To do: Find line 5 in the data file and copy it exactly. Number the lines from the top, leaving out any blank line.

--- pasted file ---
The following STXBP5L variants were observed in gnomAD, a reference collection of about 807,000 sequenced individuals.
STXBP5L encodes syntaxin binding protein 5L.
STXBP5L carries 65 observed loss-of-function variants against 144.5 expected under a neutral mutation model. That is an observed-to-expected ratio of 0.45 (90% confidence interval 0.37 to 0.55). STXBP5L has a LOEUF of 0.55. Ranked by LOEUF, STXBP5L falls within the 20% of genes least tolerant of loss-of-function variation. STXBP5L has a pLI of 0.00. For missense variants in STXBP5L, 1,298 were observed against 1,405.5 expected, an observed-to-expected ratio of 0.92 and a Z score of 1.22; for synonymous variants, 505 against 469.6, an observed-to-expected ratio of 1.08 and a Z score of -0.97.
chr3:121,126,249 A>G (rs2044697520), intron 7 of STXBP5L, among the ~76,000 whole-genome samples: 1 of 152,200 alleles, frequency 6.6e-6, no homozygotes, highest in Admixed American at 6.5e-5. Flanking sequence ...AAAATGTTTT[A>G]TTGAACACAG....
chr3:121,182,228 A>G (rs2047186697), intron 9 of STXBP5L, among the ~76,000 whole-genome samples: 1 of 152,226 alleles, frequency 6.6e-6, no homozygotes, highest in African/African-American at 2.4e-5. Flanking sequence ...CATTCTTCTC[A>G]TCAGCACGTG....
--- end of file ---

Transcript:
chr3:121,182,228 A>G (rs2047186697), intron 9 of STXBP5L, among the ~76,000 whole-genome samples: 1 of 152,226 alleles, frequency 6.6e-6, no homozygotes, highest in African/African-American at 2.4e-5. Flanking sequence ...CATTCTTCTC[A>G]TCAGCACGTG....